Dr. Samara Friedman is a pediatric orthopedist who specializes in children's fractures and sports injuries. She needs to order X-rays and scans to treat her patients, but she tries to keep radiation levels to a minimum.
"I think it's important to limit that exposure while still getting the information we need from those tests," Friedman said.
The Food and Drug Administration is taking steps to minimize how much radiation children get. The FDA is urging manufacturers to design new scanners with children's safety in mind. The concern is that too much exposure may increase the risk of cancer later in life.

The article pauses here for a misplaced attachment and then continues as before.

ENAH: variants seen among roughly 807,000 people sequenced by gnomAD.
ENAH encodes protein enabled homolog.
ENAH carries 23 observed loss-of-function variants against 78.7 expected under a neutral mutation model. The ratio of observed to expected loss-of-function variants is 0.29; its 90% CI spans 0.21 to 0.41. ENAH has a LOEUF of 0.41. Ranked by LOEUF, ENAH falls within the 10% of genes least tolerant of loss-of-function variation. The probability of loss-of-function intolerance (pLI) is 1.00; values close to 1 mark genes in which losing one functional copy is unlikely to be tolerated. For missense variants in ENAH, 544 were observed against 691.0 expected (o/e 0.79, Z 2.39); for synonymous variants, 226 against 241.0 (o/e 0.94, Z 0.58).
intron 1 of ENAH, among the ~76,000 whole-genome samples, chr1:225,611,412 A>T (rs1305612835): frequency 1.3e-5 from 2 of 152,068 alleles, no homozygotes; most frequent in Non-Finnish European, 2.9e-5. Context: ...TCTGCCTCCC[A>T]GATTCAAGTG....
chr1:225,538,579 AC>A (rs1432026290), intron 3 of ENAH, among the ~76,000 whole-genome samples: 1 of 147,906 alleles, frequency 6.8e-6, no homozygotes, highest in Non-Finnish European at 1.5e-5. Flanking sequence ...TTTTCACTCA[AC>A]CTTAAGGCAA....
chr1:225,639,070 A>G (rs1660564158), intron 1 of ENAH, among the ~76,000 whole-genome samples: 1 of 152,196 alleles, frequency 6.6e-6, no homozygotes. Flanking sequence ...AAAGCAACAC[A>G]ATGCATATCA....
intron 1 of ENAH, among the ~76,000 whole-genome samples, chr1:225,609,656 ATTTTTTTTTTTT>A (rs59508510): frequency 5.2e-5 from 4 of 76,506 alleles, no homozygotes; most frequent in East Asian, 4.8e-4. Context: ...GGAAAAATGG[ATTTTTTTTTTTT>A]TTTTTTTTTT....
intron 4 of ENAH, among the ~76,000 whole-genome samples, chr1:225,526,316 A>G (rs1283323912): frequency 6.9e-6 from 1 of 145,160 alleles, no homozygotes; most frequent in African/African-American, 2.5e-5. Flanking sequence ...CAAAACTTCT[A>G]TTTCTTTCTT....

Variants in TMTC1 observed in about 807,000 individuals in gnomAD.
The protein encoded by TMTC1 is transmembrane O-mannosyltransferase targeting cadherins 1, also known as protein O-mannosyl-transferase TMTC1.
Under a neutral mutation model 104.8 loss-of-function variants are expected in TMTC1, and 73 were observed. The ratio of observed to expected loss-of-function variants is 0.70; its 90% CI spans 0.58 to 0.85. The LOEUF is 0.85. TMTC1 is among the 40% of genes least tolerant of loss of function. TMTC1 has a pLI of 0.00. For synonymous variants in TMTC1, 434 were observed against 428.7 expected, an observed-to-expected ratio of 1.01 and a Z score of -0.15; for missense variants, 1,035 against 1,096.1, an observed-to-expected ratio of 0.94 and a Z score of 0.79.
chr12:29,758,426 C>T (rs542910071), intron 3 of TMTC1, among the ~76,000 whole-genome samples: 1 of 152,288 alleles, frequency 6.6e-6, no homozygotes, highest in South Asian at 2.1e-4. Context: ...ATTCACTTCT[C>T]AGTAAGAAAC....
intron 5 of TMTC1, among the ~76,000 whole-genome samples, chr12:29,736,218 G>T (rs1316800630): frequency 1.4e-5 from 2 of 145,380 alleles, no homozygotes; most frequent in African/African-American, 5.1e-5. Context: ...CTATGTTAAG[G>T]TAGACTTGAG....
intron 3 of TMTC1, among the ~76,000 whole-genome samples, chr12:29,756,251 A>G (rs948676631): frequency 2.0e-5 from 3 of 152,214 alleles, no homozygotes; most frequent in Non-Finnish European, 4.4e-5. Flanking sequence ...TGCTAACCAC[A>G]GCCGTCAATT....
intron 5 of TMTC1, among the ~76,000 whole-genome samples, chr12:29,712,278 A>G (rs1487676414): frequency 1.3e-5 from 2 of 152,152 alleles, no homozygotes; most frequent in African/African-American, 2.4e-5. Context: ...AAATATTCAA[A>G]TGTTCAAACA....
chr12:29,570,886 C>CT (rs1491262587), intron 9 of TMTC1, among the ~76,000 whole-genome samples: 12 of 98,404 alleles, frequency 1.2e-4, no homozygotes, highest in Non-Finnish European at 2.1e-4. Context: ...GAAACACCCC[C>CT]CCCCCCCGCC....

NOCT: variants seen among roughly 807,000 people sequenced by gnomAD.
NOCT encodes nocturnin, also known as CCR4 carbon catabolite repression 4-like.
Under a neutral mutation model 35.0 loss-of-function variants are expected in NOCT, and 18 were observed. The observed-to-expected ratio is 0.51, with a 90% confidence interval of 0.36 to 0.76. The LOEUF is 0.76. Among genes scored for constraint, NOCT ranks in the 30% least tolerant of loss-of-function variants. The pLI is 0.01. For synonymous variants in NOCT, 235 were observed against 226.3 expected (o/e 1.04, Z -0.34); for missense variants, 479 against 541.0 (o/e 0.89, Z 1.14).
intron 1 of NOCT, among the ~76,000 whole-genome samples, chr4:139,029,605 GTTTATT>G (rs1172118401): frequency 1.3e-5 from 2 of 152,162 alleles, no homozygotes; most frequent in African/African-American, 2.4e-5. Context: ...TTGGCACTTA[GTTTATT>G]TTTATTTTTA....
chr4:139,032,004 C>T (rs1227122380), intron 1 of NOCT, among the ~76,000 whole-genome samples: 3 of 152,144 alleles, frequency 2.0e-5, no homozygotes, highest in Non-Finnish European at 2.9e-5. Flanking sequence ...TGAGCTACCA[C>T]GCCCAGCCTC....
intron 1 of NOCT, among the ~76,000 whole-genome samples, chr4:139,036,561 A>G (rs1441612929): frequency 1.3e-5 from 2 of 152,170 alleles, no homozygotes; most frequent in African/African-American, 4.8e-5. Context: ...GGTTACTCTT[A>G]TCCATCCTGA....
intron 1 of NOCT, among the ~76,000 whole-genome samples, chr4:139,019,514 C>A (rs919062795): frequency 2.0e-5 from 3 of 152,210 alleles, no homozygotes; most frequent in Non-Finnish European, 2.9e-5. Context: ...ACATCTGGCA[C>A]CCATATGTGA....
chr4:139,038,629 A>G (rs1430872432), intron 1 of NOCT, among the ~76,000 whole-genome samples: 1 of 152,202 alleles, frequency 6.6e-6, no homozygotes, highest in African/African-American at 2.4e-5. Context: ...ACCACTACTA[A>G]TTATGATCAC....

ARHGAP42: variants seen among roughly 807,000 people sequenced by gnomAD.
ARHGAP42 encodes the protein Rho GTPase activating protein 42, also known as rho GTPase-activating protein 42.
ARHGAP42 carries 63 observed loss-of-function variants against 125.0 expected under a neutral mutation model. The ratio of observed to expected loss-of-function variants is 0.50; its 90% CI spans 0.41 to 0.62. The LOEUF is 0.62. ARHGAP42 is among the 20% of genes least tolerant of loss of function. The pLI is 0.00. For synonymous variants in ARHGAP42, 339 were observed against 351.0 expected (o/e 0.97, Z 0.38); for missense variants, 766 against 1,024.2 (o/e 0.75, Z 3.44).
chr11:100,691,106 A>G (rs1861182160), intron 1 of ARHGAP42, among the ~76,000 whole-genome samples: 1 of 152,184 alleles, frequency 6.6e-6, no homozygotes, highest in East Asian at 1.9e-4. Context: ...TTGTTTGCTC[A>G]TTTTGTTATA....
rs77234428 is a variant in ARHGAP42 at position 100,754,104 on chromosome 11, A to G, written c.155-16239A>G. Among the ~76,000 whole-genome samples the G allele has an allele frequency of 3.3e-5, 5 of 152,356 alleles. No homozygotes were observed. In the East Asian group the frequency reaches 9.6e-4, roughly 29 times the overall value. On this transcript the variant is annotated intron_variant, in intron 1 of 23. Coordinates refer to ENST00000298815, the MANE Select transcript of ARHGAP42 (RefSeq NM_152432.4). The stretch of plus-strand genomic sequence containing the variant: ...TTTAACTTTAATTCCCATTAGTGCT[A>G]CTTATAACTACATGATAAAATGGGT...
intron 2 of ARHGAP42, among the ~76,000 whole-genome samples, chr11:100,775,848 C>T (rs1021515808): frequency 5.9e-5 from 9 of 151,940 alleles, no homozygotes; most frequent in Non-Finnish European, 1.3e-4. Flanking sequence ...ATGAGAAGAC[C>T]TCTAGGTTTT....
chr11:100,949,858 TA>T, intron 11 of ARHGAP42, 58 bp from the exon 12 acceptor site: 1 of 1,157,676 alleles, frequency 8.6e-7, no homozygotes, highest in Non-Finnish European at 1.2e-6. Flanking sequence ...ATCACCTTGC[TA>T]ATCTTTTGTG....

The FDA is also calling on parents to do more to cut down on unnecessary radiation. The agency advises parents to ask why a test is needed and whether there are radiation-free alternatives.
Anastasia Vandine, 6, has cerebral palsy and will need a lot of scans in her life. Her parents are aware of the risks.
"Just rely on the doctor. They're supposed to be trustworthy," dad Arthur Palmer said.
Doctors say radiation imaging is a necessary tool as long as it's overused.
The FDA is also working on new safety training materials for doctors and technicians who administer X-rays and scans to children.
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